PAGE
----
Thursday, May 24, 2007

Understanding Hempotysis

In its simplest definition, hemoptysis is blood in the sputum. When it happens for the first time, hemoptysis is more than a little frightening. Hemoptysis is usually a symptom of something else going on in the lugs. Any of the following may be the underlying cause of the bleeding:

  • Infection
  • Dryness
  • Reaction to a particular nebulizer treatment (e.g. Pulmozyme or Hypertonic saline)
  • Bronchiectasis
  • Vitamin K deficiency
  • Overexertion
Infection is the leading cause of hemoptysis. When the bronchial arteries become swollen and inflamed in response to an infection, they may burst and bleed. Unless the bleeding is massive (i.e. more than a few tablespoons in an hour) then this is rarely cause for alarm. It's just one of the frightening and unpleasant side effects of cystic fibrosis. Bleeding in the lungs may also occur when the tissue and blood vessels of the lungs becomes particularly damaged, after many subsequent infections or bouts of pneumonia.

Hemoptysis may also be the result of an adverse reaction to Pulmozyme or hypertonic saline inhalation treatment. Some cystic fibrosis patients simply cannot tolerate Pulmozyme. There are a number of studies that have demonstrated that a specific component of Pulmozyme, (DNase I) triggers lung hemorrhage.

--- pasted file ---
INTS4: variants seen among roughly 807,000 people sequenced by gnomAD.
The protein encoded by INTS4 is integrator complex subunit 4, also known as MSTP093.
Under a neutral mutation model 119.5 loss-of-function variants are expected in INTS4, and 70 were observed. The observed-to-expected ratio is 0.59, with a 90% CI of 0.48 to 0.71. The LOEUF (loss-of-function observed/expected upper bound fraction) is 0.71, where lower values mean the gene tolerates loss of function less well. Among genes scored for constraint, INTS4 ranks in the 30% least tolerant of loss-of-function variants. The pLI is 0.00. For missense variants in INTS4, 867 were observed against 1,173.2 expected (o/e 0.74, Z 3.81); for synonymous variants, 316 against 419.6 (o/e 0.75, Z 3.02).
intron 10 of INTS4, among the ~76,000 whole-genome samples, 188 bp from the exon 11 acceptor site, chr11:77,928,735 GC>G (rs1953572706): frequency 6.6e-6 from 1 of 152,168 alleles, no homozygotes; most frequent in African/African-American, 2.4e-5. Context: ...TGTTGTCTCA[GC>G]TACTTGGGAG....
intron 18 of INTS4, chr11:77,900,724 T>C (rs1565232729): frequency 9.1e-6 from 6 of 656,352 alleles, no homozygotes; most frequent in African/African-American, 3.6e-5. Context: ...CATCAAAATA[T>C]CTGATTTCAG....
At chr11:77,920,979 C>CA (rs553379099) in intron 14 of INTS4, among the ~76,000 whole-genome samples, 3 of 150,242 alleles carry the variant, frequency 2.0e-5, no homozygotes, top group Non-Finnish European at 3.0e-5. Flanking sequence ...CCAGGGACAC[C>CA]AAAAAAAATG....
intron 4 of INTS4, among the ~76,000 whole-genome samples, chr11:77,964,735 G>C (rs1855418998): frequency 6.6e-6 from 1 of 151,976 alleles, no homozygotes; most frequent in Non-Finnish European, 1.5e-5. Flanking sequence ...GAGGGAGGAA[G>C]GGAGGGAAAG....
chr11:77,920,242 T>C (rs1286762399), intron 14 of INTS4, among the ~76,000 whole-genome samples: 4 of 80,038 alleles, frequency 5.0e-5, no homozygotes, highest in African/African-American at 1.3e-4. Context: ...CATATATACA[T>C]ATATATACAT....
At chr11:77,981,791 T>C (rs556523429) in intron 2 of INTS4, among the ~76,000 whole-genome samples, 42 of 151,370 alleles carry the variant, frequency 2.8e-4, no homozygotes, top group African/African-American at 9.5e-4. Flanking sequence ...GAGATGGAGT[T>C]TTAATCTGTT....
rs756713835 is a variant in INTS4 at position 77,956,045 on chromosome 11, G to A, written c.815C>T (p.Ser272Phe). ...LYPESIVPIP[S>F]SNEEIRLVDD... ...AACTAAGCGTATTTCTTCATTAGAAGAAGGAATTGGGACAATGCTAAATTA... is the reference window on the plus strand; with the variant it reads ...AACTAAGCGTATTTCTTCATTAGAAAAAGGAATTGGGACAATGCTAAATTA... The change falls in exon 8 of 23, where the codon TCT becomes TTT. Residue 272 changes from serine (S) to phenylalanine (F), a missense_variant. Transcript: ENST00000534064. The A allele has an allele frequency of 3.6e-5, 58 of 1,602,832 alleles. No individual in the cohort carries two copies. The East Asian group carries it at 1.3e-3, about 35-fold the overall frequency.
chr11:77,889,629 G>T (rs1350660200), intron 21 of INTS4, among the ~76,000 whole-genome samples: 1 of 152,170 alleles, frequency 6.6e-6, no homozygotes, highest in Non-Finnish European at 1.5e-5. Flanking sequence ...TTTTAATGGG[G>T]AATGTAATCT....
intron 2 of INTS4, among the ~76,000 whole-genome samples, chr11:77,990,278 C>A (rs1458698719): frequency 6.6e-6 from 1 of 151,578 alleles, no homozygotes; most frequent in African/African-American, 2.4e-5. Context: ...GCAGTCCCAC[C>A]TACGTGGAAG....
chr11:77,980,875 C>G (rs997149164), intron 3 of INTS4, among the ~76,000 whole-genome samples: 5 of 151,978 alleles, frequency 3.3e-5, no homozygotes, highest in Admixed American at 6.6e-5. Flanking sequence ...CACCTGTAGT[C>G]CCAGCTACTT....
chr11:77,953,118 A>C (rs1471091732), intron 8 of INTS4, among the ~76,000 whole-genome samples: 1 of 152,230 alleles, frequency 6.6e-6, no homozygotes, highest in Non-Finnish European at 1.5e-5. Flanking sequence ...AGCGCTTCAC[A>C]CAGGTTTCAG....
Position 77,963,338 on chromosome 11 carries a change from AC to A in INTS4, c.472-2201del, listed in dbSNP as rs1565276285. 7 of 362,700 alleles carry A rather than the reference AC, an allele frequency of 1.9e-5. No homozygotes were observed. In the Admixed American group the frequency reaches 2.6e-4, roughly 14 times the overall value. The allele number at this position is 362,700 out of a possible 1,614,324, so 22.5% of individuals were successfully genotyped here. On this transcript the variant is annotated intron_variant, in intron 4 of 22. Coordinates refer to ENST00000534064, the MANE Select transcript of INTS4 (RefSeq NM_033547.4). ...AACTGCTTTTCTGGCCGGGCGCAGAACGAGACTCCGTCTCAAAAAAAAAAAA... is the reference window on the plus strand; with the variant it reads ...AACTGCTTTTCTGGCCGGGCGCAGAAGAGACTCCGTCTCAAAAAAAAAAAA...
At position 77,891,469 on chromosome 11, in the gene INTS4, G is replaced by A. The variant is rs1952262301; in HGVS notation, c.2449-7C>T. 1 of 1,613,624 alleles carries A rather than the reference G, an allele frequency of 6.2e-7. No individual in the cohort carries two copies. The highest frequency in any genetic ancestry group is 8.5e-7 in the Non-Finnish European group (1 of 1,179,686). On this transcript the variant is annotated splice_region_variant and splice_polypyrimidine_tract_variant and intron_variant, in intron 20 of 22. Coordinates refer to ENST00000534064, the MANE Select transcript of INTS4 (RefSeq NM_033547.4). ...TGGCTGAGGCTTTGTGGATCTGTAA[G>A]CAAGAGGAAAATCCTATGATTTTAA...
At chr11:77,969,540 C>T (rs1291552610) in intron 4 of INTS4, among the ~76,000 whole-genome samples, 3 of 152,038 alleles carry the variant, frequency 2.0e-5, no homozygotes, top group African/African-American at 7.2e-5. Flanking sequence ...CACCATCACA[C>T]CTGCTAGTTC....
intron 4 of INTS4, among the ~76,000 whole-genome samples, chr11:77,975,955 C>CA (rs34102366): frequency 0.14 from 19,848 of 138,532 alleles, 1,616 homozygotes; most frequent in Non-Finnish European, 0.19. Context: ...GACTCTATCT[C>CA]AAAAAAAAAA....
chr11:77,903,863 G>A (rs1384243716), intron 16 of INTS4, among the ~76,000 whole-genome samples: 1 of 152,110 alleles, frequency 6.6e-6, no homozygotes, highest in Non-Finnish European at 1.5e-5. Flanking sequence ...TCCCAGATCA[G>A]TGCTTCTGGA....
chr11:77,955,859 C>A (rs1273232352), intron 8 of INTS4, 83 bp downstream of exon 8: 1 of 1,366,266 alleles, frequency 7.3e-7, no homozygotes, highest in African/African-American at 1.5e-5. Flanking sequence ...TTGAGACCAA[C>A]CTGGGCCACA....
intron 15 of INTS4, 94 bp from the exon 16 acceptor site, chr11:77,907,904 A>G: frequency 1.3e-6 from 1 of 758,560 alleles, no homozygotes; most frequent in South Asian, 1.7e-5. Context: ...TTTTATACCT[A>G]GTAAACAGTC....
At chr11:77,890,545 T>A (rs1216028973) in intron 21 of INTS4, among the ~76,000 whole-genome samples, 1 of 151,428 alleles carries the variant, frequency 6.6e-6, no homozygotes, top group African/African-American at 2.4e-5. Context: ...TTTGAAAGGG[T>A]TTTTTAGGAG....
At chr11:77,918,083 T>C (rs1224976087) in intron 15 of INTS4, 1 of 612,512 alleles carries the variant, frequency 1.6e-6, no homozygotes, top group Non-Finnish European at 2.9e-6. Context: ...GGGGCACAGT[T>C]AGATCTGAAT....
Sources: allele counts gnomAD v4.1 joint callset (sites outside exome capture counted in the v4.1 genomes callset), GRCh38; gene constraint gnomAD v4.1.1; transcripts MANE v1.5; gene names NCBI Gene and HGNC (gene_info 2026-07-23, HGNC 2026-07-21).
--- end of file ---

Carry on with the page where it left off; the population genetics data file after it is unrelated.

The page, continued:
Occasionally the bleeding is simply the result of overexertion during the usual process of airway clearance. Coughing too hard or too long may cause a small bleed. This type of bleeding clears up on its own in a relatively short period of time. The same is true for bleeding that is the result of the lungs being exposed to dry air. Some women also report brief episodes of hemoptysis during menstruation.

When an episode of hemoptysis has occurred, be sure to mention it to the doctor at your next appointment. Your doctor can adjust your medications if they are triggering the bleeding, or prescribe something to address an underlying infection. When describing the episode to your health care provider, be sure to note whether you coughed up dried blood streaked through your sputum, or if it was only bright red blood. Always be able to give a good estimation of how much blood was present.

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